The JIRA dashboard makes it very easy to view and analyze statistics for different fields such as projects, versions, and users, all filtered and expressed graphically with the help of pie charts, graphs, and other data displays. JIRA refers to these charts and data items as 'gadgets', which can be customized both by their placement on the page as well as their appearance and behavior. You can also set an auto-refresh time period for a gadget, so that there is no need to manually query or refresh in order to see the latest results on your efforts and team.

The gadgets available on the JIRA dashboard can help the QA lead prepare a variety of reports:

  • Average Age Report: This report is expressed in the form of a bar chart showing the average duration (in days) for which issues remained unresolved at particular points in time. Looking at the average age report gives the QA team and the management a very good idea of the health of the project, and raise appropriate concerns if necessary.
  • Pie Chart Report: This report displays the issues of a project filtered by a query in the form of a pie chart. It is useful as a high-level overview of the current build, helping to keep track of progress, assess workloads and even the performance of team members.
  • Heat Maps: This is a dashboard gadget which is easy on the eyes. What the user sees are the values of an issue key grouped according to a query. They are grouped on the Dashboard according to the number of the issues under each Label. This results in a larger font size for a Label with a higher count, and progressively smaller font sizes for Labels with smaller counts. Along with visual graphs, heat maps are helpful in quickly determining that responsibility is fairly distributed among the team members as new sprints and projects are taken up.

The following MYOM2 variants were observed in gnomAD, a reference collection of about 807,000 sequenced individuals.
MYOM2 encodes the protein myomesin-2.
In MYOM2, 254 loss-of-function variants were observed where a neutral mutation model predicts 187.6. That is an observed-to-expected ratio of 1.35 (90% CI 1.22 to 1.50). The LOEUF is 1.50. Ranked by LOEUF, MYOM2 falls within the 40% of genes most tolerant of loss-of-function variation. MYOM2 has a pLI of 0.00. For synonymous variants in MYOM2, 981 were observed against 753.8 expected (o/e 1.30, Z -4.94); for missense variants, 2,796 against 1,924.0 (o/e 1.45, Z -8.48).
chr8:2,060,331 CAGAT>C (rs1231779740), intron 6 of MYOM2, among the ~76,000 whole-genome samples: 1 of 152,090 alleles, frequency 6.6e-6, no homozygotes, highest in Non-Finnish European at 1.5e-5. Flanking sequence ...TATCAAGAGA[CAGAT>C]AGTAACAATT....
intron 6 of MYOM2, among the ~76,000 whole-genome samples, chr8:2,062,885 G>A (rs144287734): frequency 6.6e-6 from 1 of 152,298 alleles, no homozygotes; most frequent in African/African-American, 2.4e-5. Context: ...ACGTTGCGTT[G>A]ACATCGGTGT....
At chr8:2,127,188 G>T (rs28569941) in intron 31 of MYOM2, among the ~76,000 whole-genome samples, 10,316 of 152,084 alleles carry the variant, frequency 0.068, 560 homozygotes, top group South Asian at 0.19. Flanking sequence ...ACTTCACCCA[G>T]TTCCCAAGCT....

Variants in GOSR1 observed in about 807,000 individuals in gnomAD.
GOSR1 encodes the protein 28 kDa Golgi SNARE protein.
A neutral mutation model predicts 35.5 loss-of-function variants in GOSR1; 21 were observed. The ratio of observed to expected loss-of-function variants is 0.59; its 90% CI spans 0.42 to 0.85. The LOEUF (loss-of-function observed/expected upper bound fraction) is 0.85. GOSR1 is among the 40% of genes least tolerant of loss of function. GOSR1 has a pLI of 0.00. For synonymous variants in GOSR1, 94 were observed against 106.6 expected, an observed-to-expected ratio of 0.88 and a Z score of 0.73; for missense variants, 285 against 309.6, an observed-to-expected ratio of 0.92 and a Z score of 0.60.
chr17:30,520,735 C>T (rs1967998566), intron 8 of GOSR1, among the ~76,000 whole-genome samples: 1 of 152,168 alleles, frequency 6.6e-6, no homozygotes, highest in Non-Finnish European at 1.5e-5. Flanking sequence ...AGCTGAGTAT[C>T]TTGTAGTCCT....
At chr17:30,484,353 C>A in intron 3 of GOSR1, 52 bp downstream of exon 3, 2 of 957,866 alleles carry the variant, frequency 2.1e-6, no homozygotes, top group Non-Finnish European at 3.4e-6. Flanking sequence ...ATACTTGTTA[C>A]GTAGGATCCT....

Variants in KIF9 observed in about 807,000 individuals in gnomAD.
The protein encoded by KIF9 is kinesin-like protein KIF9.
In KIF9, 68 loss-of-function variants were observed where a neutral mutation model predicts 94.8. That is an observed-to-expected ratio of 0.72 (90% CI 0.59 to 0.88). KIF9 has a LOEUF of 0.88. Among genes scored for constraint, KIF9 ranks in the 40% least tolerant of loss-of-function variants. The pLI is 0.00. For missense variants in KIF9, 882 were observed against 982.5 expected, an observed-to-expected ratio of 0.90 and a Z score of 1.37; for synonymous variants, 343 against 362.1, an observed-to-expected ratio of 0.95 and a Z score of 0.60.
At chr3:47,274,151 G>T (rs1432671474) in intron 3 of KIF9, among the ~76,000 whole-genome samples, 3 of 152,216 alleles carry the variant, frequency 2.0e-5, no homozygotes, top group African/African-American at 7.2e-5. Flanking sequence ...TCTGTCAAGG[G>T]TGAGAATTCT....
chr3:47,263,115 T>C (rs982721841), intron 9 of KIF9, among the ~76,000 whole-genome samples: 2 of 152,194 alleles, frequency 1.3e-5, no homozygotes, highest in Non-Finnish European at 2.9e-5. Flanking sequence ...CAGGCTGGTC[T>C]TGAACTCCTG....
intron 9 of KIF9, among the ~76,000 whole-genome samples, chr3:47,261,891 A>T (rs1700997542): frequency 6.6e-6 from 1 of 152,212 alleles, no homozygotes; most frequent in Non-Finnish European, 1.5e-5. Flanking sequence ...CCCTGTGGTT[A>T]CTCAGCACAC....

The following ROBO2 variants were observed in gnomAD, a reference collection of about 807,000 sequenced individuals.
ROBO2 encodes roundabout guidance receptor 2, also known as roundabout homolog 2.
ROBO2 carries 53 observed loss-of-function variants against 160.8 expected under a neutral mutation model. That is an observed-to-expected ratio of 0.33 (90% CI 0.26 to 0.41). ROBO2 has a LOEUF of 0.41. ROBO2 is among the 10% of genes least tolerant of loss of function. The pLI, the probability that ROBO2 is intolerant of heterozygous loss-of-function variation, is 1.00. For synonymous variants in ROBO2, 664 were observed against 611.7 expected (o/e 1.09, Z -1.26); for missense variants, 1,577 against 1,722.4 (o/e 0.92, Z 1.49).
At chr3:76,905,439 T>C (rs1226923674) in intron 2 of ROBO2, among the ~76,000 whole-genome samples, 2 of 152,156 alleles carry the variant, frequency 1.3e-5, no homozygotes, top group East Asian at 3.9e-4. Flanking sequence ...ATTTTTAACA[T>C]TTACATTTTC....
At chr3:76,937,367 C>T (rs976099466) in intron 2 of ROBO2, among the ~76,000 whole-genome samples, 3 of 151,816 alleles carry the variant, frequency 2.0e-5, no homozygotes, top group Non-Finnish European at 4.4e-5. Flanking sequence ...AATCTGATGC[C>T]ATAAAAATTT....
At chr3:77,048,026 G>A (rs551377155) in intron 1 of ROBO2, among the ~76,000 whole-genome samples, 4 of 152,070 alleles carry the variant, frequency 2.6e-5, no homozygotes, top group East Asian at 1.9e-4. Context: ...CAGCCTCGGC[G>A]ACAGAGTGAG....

• Created Vs. Resolved Report: With this report, you can view the number of issues created - and those which were resolved - during a specific time period. The health and progress of the project can be easily assessed using this report, and is ideal for giving feedback to management about the pace of work on both the QA and developer end.
  • Activity Stream Gadget: This dashboard gadget displays all the recent activity in all active projects by default. It can be customized to display information filtered by project, issue key or username to narrow the data displayed. The activity of more than one user also can be monitored by specifying their names in the “Apply Filters” field.  

Whether it's cloud testing, automated testingfunctional testing or regression testing, software quality assurance work takes significant time, effort and attention to detail. With some basic knowledge of metrics to watch for, though, there is every reason why any team should be successful at it.

Limitations of Zephyr

We've discussed many of the benefits of this add-on to JIRA, but Zephyr has some important limitations which must be taken into consideration when evaluating whether this is the proper test case management tool to adopt for your efforts:

Excel wins for efficiency

As mentioned previously, writing test cases is far more efficient in Excel. One workaround is to create in Excel and import into Zephyr for life cycle management. The test cases can be edited within the tool as updates occur and test execution status changes.